Mark Zuckerberg told employees Facebook might change its violent speech policy
- Facebook has come under fire for its decision to leave up a post from President Trump about the George Floyd protests in which he said he would deploy the National Guard, and "when the looting starts, the shooting starts."
- Leaked audio obtained by The Verge from a company meeting on Friday shows Zuckerberg said the company might review its policies around the "discussion of state use of force."
- Zuckerberg justified leaving Trump's post untouched partially on the grounds that he referred to deploying the National Guard."We think people need to know if the government is planning to deploy force," he wrote in a Friday post.
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Facebook has been rocked by internal turmoil after its leadership made the decision to not touch a post by President Trump concerning the George Floyd protests.
In the post on Friday, Trump said the National Guard would be deployed in Minneapolis and "when the looting starts, the shooting starts." This was a phrase used by former Miami police chief Walter Headley, who was well-known for racist over-policing of African American neighbourhoods in the 1960s. Trump claims he was unaware of the origins of the phrase.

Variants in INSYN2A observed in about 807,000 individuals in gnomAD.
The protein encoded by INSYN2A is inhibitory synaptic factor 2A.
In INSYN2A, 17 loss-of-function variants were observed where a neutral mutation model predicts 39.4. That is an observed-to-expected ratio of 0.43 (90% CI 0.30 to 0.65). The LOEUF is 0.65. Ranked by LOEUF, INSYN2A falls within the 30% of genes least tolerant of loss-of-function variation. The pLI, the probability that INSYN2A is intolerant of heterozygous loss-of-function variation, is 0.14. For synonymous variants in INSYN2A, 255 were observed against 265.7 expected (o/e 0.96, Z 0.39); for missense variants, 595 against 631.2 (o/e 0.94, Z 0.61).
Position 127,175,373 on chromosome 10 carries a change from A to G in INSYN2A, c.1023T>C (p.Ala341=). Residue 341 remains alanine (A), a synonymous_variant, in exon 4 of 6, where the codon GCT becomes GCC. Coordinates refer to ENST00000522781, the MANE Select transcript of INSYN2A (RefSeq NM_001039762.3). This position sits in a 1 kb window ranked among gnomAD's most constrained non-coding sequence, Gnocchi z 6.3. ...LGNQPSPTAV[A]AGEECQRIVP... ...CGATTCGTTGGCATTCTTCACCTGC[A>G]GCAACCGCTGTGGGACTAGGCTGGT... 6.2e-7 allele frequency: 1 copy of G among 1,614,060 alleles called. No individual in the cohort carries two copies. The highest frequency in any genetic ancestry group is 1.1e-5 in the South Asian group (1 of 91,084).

Conversely, Twitter placed the same post behind a block saying it violated its terms on "glorifying violence." Facebook's inaction enraged scores of employees, who expressed their anger publicly on Twitter through Sunday and Monday.
Leaked audio obtained by The Verge shows Zuckerberg addressed employees about the decision in a company videoconference call on Friday, and hinted the company may change its policies on moderating politicians' posts going forward.
"There is a real question coming out of this, which is whether we want to evolve our policy around the discussion of state use of force," said Zuckerberg.
"Over the coming days, as the National Guard is now deployed, probably the largest one that I would worry about would be excessive use of police or military force. I think there's a good argument that there should be more bounds around the discussion around that," he added.
In his public post justifying his decision to leave the post untouched, Zuckerberg said Trump's reference to the National Guard played into the company's decision.
"The National Guard references meant we read it as a warning about state action, and we think people need to know if the government is planning to deploy force," Zuckerberg wrote in a post on Friday afternoon.
Zuckerberg's comments during the company call don't seem to have placated Facebook's employees, as many staged a virtual walkout on Tuesday. During his call on Friday, Zuckerberg said he had agonised over the decision.
"It's been something that I've been struggling with basically all day, ever since I woke up [...] This has been personally pretty wrenching for me," he said.
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